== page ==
At a time when the #SelfieWithDaughter campaign is going viral across India, the disturbing trend of unabating female foeticides is still making news. A dangerously skewed sex ratio has thrust upon us the need of doing more than just clicking selfies to stop the catastrophe of a women-less world.

India has a national average of 940 females per 1000 males according to the 2011 census.

Top 10 states having the lowest sex ratio in India | Source: Census2011

According to an Al Jazeera report, a deep-seated cultural preference for boys is skewing India’s sex ratio and making slaves of women. The report calls the mass scale abortion of female foeticide as “India’s ticking bomb.”

Citing one instance of an undercover investigation by a news channel, the report mentions a young jubilant father in Haryana’s Bibipur village drawing ridicule from a group of villagers after he told them about his girl’s birth.

“Why didn’t you get her killed in the womb?” came the collective cry. “Did you not get a gender determination test done on the foetus?” he was mercilessly asked.

While all Indians don’t think like that, the above statements duly summarise the male chauvinistic attitude still prevalent in the society.

Take a look at some of the ugly facts:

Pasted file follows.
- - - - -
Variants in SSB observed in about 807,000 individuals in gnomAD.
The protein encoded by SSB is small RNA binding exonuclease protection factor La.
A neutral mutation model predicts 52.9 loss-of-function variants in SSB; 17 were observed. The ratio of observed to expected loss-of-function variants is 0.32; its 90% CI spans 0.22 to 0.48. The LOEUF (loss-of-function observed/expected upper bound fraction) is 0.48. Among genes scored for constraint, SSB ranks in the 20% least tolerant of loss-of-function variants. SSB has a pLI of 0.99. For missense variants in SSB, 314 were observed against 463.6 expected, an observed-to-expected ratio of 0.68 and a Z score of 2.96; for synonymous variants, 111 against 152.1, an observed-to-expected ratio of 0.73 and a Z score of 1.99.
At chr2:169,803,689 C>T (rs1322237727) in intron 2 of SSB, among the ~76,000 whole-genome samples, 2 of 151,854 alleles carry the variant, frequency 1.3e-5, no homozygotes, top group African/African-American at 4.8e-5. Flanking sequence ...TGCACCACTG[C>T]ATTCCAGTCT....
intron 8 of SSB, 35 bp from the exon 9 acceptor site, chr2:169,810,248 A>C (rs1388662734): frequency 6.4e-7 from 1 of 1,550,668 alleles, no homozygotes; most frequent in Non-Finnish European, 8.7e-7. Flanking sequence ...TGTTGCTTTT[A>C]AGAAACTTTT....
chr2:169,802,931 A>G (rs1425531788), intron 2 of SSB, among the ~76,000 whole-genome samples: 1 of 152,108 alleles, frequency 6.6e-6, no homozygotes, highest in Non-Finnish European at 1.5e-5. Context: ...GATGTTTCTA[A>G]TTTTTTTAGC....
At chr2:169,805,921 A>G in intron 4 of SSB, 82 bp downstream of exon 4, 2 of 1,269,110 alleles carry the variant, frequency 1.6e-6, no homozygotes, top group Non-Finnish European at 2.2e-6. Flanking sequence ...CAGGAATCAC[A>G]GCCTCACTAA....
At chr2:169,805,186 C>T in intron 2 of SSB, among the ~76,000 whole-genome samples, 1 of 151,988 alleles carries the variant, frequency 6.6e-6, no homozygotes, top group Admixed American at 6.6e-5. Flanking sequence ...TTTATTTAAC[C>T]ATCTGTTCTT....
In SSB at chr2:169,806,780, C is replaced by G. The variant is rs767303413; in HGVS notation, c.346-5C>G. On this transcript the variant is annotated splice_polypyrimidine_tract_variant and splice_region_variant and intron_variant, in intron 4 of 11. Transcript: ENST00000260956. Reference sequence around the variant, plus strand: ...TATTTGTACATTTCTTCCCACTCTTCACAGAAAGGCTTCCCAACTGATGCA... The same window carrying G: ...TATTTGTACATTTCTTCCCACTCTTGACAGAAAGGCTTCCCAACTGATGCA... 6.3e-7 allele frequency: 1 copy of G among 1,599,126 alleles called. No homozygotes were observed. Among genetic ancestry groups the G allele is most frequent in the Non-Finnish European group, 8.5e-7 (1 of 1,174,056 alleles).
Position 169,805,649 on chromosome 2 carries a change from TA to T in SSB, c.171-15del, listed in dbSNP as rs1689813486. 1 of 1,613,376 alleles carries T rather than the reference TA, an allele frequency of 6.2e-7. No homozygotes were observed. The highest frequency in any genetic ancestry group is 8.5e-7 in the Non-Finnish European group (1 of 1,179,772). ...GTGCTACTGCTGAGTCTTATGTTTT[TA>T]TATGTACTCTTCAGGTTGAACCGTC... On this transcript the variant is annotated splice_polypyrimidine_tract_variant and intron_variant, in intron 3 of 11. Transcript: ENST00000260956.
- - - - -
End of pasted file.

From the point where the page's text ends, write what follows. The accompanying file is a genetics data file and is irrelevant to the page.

As a result of growing female foeticides, bride-buying or bride purchasing has become rampant in some North-Indian states like Punjab, Haryana and Jharkhand where girls, usually belonging to poor families, are outsourced from Bihar, Assam and West Bengal for marriages.

One of the drivers of selective choice of gender in children is the centuries-old dowry system. Experts have long warned that the financial burden of a bride’s dowry puts the parents of a girl in a fix resulting in attempts of prenatal sex discernment and then subsequent killing of the female while still in the womb.

In India, lack of education and patriarchal culture fuels much of the antipathy towards female child. Across India, birth of sons is always a carnival of happiness whereas the birth of a girl is usually frowned upon. While post 1991 economic liberalizations threw a wide net of opportunities and economic independence for the growing Indian middle class, gender imbalance and violence against women has witnessed a disturbing continual rise.

Living an independent life breaking social hierarchies and cultural taboos has seen an upward graph among women in Indian metropolitan cities. However, the issue of security at workplace and misogynistic attitude still persists, one of the primary reasons for thousands of rapes happening daily in India.

Even though the existing Indian laws prohibit prenatal sex determination, the clandestine network of doctors and clinics, often frequented by the in-laws of the women and mostly against her choice, haven’t stopped female foeticides in India. Experts and activists believe the law is not being followed in its zeal and conviction rate is minuscule.

Advocates of ‘Saving The Girl Child’ and gender balance have long demanded a radical change in the educational set-up, economic stability and behaviour of men towards women in India. While strict law enforcement and wide-scale awareness is definitely a step towards achieving a safer world for girls, there’s also a need of reformation in cultures and societies that concretise notions of hatred towards girls.